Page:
The database consists of an index to some four million digitized records that includes:

Austria (Dow)
Berlin (Gedenkbuch)
France (Klarsfeld deportation lists: 70,000 Jews deported from France primarily to Auschwitz)
Germany (Gedenkbuch: 128,000 German Jews murdered in the Holocaust)
Hungary (Nevek series of name lists)
Lodz Ghetto (Censuses of the ghetto)
Luxembourg (All victims)
Mauthausen (Jewish inmates)
Megilot - Memorial Lists (Small lists)
Netherlands (Oorlogsslachtoffers)
Pages Of Testimony Collection (3 million victims)
Slovakia (Deportations in 1942)
Theresienstadt Camp - Bohemia/Moravia
Thessaloniki (Deportations)
Yugoslavia (State register)

See Nu? What's New? Vol. 4, No. 13 - July 27, 2003 at for additional information about how the site will operate.

Ellis Island Site Adds New Search Functionality

It an attempt to improve their lacking search engine, the Statue of Liberty/Ellis Island Foundation (SLEIF) has added some new features. The site is located at The site still does not come close to the capability that exists at the Stephen P. Morse site at You can now search:
first name starts with (used to be initial or entire first name only) or contains
ship name starts with (used to be exact match only) or contains
town name starts with (used to be exact match only) or contains

They also added an ability to search by year of birth and a range of years. However, according to Morse, "they don't have it working properly, and if you use it you get no results."

Further evidence of the weakness of the site is another feature to include Ethnicity as a limiting factor. You choose the initial character of the immigrant's ethnicity, and another pull down window requires you select the exact ethnicity. For example, when you select "J" for "Jewish", the other window gives you a choice between "Jamaican" and "Japanese." What happened to "Jewish"? Apparently SLEIF expects the public to know that Jews on the Ellis Island manifests are listed as "Hebrew." Similarly, try "H" if your ancestry is Hungarian, and you will be asked to select between Haitian, Hawaiian, Hebrew, Herzegovinian, Hindu and Hawaiian. That is because Hungarians are shown in the database as "Magyars."

There is one advantage to their improvements. Morse has already incorporated these new SLEIF features into what he calls his White form; the one that searches the entire database. Morse has had these features for three years on his Blue form; the one that is limited to searching for Jewish, I mean Hebrew, immigrants. The White form, since its inception, has had an Ethnicity search which allows you to choose the exact word as defined on the ship manifests. It is very valuable to eliminate false positives when you know the immigrant was a non-Jewish Hungarian, I mean Magyar. It will exclude all persons that do not have that ethnicity. Furthermore the Morse site allows you to select multiple ethnicities. If your ancestor came from Vilna, was he Hebrew, Polish, Russian or Lithuanian? At the SLEIF site, it will take four searches. At the Morse site, click the check box next to each ethnicity and get it done in one search.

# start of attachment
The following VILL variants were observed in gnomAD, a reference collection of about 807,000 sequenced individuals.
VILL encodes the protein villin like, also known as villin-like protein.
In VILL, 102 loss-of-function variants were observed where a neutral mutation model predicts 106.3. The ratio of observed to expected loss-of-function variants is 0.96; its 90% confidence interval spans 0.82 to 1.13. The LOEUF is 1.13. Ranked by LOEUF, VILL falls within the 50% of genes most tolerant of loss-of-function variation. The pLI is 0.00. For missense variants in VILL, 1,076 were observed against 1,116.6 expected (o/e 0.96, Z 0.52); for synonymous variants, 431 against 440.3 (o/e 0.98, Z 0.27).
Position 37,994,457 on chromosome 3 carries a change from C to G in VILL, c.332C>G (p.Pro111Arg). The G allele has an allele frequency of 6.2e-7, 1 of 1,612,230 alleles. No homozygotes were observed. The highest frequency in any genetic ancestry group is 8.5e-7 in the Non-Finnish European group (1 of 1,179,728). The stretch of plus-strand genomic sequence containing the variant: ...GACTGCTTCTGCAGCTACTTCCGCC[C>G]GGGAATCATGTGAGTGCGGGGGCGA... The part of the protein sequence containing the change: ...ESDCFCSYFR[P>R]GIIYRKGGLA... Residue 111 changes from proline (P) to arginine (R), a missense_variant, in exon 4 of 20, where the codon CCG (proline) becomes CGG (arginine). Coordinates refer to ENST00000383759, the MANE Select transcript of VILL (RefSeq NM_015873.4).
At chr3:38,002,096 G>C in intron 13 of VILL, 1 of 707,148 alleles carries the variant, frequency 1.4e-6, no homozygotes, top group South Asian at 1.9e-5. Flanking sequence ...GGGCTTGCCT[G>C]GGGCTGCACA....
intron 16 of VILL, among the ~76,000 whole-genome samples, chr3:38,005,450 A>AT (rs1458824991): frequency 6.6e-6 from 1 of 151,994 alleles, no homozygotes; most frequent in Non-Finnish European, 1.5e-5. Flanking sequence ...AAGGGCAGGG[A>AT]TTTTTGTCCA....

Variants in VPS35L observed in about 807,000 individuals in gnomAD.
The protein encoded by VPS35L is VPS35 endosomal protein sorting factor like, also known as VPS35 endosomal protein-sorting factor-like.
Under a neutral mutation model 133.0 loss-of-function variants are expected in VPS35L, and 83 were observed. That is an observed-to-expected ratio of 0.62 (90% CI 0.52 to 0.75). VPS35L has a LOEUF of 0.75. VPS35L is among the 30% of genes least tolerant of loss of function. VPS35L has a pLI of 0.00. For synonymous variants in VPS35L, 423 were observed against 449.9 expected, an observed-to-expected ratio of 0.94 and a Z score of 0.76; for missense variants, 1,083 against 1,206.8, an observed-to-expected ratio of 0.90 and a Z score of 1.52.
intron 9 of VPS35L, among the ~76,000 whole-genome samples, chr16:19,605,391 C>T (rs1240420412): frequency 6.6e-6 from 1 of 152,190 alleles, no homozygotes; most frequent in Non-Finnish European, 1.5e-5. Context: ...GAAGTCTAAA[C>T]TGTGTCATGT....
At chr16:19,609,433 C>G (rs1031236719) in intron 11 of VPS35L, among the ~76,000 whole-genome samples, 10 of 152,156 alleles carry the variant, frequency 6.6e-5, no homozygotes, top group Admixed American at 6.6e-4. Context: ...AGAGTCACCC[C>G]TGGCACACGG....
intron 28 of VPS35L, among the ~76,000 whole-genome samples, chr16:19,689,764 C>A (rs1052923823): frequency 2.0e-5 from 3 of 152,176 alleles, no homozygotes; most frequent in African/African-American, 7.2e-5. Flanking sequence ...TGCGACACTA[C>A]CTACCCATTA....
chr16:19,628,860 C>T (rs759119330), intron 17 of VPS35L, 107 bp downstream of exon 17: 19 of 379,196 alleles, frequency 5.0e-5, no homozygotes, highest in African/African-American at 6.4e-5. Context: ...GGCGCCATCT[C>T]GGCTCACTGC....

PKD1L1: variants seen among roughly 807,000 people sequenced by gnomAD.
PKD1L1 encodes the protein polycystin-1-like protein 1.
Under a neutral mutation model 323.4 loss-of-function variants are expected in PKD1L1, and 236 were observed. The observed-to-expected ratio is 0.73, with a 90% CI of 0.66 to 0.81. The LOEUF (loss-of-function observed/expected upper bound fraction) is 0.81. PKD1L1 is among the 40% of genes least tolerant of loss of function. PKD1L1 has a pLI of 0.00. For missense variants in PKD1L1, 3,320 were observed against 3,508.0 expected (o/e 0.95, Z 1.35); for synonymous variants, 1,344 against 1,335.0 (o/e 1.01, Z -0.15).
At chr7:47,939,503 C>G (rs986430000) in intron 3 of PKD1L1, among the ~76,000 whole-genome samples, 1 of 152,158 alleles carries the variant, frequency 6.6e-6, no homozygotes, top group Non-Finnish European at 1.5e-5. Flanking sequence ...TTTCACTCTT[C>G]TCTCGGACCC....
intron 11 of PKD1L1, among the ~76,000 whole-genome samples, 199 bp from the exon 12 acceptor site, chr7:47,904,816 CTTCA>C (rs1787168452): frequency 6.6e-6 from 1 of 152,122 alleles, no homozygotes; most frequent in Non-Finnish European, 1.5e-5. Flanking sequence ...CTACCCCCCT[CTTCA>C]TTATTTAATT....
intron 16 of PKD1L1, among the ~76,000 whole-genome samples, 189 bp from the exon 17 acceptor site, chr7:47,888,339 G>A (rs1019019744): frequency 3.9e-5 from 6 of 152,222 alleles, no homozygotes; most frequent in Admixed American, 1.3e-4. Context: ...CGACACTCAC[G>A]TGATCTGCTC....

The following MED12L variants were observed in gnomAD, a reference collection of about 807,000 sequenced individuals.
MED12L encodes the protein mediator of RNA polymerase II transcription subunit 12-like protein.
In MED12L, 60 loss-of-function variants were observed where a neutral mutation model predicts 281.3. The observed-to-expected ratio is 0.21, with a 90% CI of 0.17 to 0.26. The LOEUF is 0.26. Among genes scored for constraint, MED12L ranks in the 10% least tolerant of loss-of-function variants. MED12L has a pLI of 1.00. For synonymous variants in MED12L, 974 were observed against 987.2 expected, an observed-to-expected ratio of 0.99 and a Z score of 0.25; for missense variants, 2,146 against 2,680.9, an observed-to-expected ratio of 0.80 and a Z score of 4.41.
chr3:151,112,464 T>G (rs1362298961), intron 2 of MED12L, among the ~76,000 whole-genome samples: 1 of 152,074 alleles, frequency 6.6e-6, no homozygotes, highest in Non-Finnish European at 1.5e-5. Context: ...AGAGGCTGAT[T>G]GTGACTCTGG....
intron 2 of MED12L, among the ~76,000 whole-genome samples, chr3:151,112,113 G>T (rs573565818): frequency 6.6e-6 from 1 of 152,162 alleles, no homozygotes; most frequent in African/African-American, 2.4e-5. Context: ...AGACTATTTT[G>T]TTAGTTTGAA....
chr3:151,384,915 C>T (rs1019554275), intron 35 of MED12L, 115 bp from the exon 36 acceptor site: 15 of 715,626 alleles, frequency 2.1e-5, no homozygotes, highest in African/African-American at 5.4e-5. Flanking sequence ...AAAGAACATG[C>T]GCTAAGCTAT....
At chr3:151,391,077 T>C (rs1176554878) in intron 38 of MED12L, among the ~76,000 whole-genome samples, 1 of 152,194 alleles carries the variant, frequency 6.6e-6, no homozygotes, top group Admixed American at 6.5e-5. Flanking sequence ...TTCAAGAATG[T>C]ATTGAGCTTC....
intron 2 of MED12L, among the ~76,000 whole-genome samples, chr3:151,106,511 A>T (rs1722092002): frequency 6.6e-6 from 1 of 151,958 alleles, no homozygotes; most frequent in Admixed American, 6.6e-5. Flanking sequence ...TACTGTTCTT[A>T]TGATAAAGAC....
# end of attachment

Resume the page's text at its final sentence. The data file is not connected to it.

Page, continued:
The SLEIF site has also taken a step backwards. Previously you could select two phonetic variants from a list of 30 provided if an initial search was fruitless. Now their phonetic variant searches for only two variants. Enter Dr. Morse (and associates). His site provides both options. If you select the "sounds-like (few)" option, you get the new limited SLEIF option. If you select the "sounds-like (many)" option you get the old, search for 30 option.

The bottom line is stick with the Morse site when searching the Ellis Island database.

More Ellis Island Database Improvements

The Statue of Liberty/Ellis Island Foundation (SLEIF) has also pre-announced plans to have links at their site to the Federation of Genealogical Societies (FGS) and Association of Professional Genealogists (APG), membership lists. Articles have appeared in both organizations magazines that the functionality is a fait accompli, but the features are not yet present at the SLEIF site.

FGS is the umbrella group of more than 550 genealogical societies throughout the U.S. and Canada. APG is an organization of more than 1,500 professional genealogists. SLEIF users will be encouraged to use the services of either of these organizations to further their research into their immigrant ancestry. For those "Nu? What's New?" readers who cannot wait for SLEIF to add the links to their site, a list of FGS members societies can be found at A list of APG members can be searched at

The Generic Dr. Morse